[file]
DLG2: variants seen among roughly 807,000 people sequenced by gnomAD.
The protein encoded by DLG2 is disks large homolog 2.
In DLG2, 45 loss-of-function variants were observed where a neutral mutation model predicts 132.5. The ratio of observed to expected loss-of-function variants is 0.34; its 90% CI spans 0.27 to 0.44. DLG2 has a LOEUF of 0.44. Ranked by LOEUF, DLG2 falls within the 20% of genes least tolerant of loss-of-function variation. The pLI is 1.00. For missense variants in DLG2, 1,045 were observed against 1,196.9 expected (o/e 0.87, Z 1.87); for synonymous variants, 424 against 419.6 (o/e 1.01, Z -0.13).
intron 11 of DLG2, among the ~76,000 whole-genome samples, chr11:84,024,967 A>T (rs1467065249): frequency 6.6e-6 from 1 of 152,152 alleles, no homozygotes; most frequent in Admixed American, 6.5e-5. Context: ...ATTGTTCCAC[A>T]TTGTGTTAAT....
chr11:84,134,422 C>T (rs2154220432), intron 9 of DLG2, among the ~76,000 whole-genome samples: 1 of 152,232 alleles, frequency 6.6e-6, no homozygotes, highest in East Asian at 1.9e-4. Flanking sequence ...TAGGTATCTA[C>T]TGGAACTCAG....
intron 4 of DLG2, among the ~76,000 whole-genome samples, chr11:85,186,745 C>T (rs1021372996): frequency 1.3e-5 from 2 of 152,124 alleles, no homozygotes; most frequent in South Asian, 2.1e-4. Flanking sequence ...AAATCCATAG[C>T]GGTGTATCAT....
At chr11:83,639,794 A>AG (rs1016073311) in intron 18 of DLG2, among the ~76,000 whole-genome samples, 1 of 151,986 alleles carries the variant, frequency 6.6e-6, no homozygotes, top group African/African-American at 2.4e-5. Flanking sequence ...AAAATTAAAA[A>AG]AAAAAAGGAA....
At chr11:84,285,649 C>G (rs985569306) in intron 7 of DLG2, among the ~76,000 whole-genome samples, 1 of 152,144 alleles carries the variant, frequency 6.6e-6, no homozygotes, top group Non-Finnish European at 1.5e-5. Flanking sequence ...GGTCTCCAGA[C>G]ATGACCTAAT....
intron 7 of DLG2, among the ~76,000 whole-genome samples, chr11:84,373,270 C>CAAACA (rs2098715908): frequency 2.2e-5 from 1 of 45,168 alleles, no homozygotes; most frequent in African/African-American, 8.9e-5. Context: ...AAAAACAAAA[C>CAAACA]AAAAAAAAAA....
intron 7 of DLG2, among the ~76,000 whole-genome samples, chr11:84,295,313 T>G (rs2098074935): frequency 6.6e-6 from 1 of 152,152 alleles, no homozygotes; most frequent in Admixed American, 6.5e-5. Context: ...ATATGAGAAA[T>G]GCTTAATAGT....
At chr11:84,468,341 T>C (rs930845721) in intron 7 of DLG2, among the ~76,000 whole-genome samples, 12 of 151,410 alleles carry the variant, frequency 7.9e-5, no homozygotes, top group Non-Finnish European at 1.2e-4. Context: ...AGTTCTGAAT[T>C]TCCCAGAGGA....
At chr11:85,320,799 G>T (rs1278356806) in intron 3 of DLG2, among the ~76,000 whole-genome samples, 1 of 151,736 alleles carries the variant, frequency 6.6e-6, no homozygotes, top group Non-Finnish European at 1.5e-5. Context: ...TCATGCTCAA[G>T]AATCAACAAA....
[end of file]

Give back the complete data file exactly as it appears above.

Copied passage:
DLG2: variants seen among roughly 807,000 people sequenced by gnomAD.
The protein encoded by DLG2 is disks large homolog 2.
In DLG2, 45 loss-of-function variants were observed where a neutral mutation model predicts 132.5. The ratio of observed to expected loss-of-function variants is 0.34; its 90% CI spans 0.27 to 0.44. DLG2 has a LOEUF of 0.44. Ranked by LOEUF, DLG2 falls within the 20% of genes least tolerant of loss-of-function variation. The pLI is 1.00. For missense variants in DLG2, 1,045 were observed against 1,196.9 expected (o/e 0.87, Z 1.87); for synonymous variants, 424 against 419.6 (o/e 1.01, Z -0.13).
intron 11 of DLG2, among the ~76,000 whole-genome samples, chr11:84,024,967 A>T (rs1467065249): frequency 6.6e-6 from 1 of 152,152 alleles, no homozygotes; most frequent in Admixed American, 6.5e-5. Context: ...ATTGTTCCAC[A>T]TTGTGTTAAT....
chr11:84,134,422 C>T (rs2154220432), intron 9 of DLG2, among the ~76,000 whole-genome samples: 1 of 152,232 alleles, frequency 6.6e-6, no homozygotes, highest in East Asian at 1.9e-4. Flanking sequence ...TAGGTATCTA[C>T]TGGAACTCAG....
intron 4 of DLG2, among the ~76,000 whole-genome samples, chr11:85,186,745 C>T (rs1021372996): frequency 1.3e-5 from 2 of 152,124 alleles, no homozygotes; most frequent in South Asian, 2.1e-4. Flanking sequence ...AAATCCATAG[C>T]GGTGTATCAT....
At chr11:83,639,794 A>AG (rs1016073311) in intron 18 of DLG2, among the ~76,000 whole-genome samples, 1 of 151,986 alleles carries the variant, frequency 6.6e-6, no homozygotes, top group African/African-American at 2.4e-5. Flanking sequence ...AAAATTAAAA[A>AG]AAAAAAGGAA....
At chr11:84,285,649 C>G (rs985569306) in intron 7 of DLG2, among the ~76,000 whole-genome samples, 1 of 152,144 alleles carries the variant, frequency 6.6e-6, no homozygotes, top group Non-Finnish European at 1.5e-5. Flanking sequence ...GGTCTCCAGA[C>G]ATGACCTAAT....
intron 7 of DLG2, among the ~76,000 whole-genome samples, chr11:84,373,270 C>CAAACA (rs2098715908): frequency 2.2e-5 from 1 of 45,168 alleles, no homozygotes; most frequent in African/African-American, 8.9e-5. Context: ...AAAAACAAAA[C>CAAACA]AAAAAAAAAA....
intron 7 of DLG2, among the ~76,000 whole-genome samples, chr11:84,295,313 T>G (rs2098074935): frequency 6.6e-6 from 1 of 152,152 alleles, no homozygotes; most frequent in Admixed American, 6.5e-5. Context: ...ATATGAGAAA[T>G]GCTTAATAGT....
At chr11:84,468,341 T>C (rs930845721) in intron 7 of DLG2, among the ~76,000 whole-genome samples, 12 of 151,410 alleles carry the variant, frequency 7.9e-5, no homozygotes, top group Non-Finnish European at 1.2e-4. Context: ...AGTTCTGAAT[T>C]TCCCAGAGGA....
At chr11:85,320,799 G>T (rs1278356806) in intron 3 of DLG2, among the ~76,000 whole-genome samples, 1 of 151,736 alleles carries the variant, frequency 6.6e-6, no homozygotes, top group Non-Finnish European at 1.5e-5. Context: ...TCATGCTCAA[G>T]AATCAACAAA....